In the second essay, Frédéric Bozo knowledgeably illuminates the »vision mitterrandienne« for the reshaping of Europe after the Cold War. Mitterrand had always followed a »claire vision de comment dépasser ›Yalta‹« (p. 18), which did not develop spontaneously in 1989/1990, but had been the central guideline of his foreign policy actions since 1981. This was based on de Gaulle’s pan-European idea of a »Europe européenne«: a strong role for Europe as a mediator between the blocs in overcoming the East-West conflict. The expansion of European integration had always been the core of Mitterrand’s vision.
The third essay by Nicolas Badalassi takes a closer look at the Charter itself, its contents and its origins. According to Badalassi, the Charter was not a product of 1990, but the result of »un double processus«: on the one hand, it was closely linked to the goals of the Helsinki Final Act of 1975 and perpetuated them; on the other hand, it was also a result of developments in Soviet foreign policy under Gorbachev from 1986 onwards, which, according to Badalassi, breathed new life into the CSCE process after years of standstill. It could therefore be seen as »un prolongement de la ›Nouvelle pensée‹ gorbatchévienne« (p. 34).
All three essays are at least of an appealing standard, and the reader is provided with clear and comprehensible theses. However, it is very regrettable that none of the essays is primarily based on the evaluation of archival files; new files on French attitudes to the creation of the Charter are not included, despite the direct involvement of the Archives du ministère de l’Europe et des Affaires étrangères. In addition, the selection of the essays and their topics seems somewhat arbitrary; the reference to the actual subject matter, the Paris Charter, is on the whole rather slight. One would also have liked to see more essays on the history of the Charter’s negotiation, the French preliminary decision-making process or the history of the Charter’s impact.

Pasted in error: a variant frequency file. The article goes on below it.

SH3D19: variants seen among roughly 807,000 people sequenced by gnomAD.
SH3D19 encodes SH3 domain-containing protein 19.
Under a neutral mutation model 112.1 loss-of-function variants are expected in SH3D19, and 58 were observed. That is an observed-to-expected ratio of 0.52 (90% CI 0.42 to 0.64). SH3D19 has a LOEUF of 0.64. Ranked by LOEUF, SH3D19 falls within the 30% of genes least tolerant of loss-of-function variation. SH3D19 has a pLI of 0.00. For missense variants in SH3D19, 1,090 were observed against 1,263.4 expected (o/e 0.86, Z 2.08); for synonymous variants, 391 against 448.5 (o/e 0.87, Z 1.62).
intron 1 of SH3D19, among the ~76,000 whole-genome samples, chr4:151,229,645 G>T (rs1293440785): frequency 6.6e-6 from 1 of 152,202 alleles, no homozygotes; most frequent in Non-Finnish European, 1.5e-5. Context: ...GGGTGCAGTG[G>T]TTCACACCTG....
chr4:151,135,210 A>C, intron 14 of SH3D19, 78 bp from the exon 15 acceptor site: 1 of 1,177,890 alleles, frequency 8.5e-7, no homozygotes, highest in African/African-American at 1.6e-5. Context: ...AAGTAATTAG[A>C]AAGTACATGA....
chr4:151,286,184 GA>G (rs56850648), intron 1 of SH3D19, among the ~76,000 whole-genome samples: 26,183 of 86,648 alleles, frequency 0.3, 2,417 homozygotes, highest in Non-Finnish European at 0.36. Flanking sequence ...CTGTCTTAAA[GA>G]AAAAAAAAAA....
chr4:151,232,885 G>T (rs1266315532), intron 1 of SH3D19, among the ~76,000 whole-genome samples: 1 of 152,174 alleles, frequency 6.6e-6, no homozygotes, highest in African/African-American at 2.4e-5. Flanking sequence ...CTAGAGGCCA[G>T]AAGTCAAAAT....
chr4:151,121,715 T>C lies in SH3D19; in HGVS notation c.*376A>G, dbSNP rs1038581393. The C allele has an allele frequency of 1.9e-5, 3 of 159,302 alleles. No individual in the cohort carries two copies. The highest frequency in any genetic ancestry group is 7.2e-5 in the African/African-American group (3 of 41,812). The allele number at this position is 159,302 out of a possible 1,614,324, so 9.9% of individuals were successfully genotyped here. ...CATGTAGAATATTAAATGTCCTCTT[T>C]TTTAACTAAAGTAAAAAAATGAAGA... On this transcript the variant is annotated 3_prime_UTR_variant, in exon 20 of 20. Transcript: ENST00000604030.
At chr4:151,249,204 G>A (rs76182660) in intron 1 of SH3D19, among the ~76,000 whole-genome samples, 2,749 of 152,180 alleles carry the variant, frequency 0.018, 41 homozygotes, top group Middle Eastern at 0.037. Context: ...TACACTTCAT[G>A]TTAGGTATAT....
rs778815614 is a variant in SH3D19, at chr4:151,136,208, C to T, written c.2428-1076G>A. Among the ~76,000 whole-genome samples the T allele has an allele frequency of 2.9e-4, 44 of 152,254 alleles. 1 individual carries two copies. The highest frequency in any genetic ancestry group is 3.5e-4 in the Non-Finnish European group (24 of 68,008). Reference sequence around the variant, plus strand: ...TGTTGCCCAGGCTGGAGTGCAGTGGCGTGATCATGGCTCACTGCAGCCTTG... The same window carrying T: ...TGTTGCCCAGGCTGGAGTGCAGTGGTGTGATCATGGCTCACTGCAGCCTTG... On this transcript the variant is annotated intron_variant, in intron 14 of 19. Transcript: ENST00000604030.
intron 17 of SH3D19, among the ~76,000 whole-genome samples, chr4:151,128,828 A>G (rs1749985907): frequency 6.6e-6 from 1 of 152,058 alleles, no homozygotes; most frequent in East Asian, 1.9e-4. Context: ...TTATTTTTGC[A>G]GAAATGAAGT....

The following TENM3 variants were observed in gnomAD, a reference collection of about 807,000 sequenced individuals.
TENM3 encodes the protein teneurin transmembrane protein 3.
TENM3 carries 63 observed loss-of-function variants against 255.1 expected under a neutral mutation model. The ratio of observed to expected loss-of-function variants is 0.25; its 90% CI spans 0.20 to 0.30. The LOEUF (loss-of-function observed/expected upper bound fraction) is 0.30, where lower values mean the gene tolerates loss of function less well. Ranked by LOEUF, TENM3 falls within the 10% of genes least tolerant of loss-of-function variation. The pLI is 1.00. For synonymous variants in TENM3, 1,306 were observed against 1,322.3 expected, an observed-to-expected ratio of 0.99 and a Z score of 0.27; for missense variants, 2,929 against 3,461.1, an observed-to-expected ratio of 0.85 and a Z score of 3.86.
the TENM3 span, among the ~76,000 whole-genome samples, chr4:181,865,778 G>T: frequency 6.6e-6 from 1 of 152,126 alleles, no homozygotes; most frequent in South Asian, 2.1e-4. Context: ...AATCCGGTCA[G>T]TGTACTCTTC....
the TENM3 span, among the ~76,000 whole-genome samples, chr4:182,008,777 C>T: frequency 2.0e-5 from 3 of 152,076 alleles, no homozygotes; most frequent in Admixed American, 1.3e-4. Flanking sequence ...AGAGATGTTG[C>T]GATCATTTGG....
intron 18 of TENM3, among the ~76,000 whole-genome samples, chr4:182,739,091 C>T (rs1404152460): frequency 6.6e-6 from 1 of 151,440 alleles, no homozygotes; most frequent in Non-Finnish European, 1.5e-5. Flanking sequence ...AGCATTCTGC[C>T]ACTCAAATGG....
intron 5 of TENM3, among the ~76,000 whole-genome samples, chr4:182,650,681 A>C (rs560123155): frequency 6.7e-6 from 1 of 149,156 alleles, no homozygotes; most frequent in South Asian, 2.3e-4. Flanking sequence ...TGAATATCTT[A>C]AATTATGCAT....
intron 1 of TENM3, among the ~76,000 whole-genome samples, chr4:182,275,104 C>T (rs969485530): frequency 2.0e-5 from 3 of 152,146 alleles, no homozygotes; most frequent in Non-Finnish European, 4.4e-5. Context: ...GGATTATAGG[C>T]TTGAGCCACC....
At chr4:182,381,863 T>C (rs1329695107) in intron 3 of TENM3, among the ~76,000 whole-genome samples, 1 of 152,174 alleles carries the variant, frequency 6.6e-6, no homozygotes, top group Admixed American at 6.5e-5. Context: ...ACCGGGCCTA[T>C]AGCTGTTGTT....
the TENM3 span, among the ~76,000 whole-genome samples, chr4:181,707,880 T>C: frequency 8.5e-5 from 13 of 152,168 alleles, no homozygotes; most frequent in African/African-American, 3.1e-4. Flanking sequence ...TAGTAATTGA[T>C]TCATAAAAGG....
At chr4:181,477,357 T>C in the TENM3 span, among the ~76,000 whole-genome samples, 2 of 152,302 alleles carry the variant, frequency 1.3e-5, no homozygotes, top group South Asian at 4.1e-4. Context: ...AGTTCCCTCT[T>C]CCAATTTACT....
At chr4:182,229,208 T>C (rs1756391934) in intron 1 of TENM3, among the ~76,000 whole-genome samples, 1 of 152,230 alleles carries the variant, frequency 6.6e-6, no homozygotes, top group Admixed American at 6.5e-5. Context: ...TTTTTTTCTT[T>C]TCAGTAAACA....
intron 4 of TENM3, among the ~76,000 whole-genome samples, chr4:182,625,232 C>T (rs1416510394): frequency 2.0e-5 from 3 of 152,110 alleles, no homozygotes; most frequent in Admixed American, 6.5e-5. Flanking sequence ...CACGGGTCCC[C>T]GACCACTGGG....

The second main part focusses on oral history and consists of a total of seven eyewitness interviews conducted by the two main editors Nicolas Badalassi and Jean-Philippe Dumas in June and July 2020 with direct participants in the French negotiating team. The selection is characterised by the clear intention to represent a variety of institutional perspectives and, above all, to allow central actors from the «second row» to have their say. Among others, Hubert Védrine and Sophie-Caroline de Margerie were members of Mitterrand’s immediate entourage, whereas Jean Musitelli and Pierre Morel were senior staff members of the then Foreign Minister Roland Dumas.